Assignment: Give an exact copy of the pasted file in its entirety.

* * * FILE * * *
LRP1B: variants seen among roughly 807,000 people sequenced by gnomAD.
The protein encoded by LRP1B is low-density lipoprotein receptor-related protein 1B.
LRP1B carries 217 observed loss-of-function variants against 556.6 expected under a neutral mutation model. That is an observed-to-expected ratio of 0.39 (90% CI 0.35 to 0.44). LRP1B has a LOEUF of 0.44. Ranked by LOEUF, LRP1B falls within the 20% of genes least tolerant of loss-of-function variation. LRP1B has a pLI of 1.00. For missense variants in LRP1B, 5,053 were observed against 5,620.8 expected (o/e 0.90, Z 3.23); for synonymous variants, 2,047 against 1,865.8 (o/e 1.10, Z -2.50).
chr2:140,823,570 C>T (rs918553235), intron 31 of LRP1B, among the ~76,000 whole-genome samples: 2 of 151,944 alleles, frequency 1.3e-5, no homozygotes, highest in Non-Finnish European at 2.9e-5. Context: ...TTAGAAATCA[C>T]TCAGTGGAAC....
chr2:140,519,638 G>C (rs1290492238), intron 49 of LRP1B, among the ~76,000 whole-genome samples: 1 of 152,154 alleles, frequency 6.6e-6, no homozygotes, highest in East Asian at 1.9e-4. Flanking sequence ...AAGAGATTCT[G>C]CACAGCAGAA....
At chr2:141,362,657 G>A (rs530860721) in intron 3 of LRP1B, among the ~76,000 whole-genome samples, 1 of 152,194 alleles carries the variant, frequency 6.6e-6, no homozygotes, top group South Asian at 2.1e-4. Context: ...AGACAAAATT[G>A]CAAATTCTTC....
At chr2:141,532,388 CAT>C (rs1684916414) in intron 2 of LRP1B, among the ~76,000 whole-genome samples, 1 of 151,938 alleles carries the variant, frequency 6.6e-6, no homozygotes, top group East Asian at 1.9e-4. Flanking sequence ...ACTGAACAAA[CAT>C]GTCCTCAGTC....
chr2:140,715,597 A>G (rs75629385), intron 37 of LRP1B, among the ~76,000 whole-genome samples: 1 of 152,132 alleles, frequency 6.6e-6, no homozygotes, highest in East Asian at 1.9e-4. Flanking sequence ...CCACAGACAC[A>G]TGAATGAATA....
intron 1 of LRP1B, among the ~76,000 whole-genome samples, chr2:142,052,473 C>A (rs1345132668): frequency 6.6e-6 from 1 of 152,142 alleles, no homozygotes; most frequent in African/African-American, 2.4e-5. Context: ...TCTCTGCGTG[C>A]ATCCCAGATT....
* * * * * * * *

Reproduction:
LRP1B: variants seen among roughly 807,000 people sequenced by gnomAD.
The protein encoded by LRP1B is low-density lipoprotein receptor-related protein 1B.
LRP1B carries 217 observed loss-of-function variants against 556.6 expected under a neutral mutation model. That is an observed-to-expected ratio of 0.39 (90% CI 0.35 to 0.44). LRP1B has a LOEUF of 0.44. Ranked by LOEUF, LRP1B falls within the 20% of genes least tolerant of loss-of-function variation. LRP1B has a pLI of 1.00. For missense variants in LRP1B, 5,053 were observed against 5,620.8 expected (o/e 0.90, Z 3.23); for synonymous variants, 2,047 against 1,865.8 (o/e 1.10, Z -2.50).
chr2:140,823,570 C>T (rs918553235), intron 31 of LRP1B, among the ~76,000 whole-genome samples: 2 of 151,944 alleles, frequency 1.3e-5, no homozygotes, highest in Non-Finnish European at 2.9e-5. Context: ...TTAGAAATCA[C>T]TCAGTGGAAC....
chr2:140,519,638 G>C (rs1290492238), intron 49 of LRP1B, among the ~76,000 whole-genome samples: 1 of 152,154 alleles, frequency 6.6e-6, no homozygotes, highest in East Asian at 1.9e-4. Flanking sequence ...AAGAGATTCT[G>C]CACAGCAGAA....
At chr2:141,362,657 G>A (rs530860721) in intron 3 of LRP1B, among the ~76,000 whole-genome samples, 1 of 152,194 alleles carries the variant, frequency 6.6e-6, no homozygotes, top group South Asian at 2.1e-4. Context: ...AGACAAAATT[G>A]CAAATTCTTC....
At chr2:141,532,388 CAT>C (rs1684916414) in intron 2 of LRP1B, among the ~76,000 whole-genome samples, 1 of 151,938 alleles carries the variant, frequency 6.6e-6, no homozygotes, top group East Asian at 1.9e-4. Flanking sequence ...ACTGAACAAA[CAT>C]GTCCTCAGTC....
chr2:140,715,597 A>G (rs75629385), intron 37 of LRP1B, among the ~76,000 whole-genome samples: 1 of 152,132 alleles, frequency 6.6e-6, no homozygotes, highest in East Asian at 1.9e-4. Flanking sequence ...CCACAGACAC[A>G]TGAATGAATA....
intron 1 of LRP1B, among the ~76,000 whole-genome samples, chr2:142,052,473 C>A (rs1345132668): frequency 6.6e-6 from 1 of 152,142 alleles, no homozygotes; most frequent in African/African-American, 2.4e-5. Context: ...TCTCTGCGTG[C>A]ATCCCAGATT....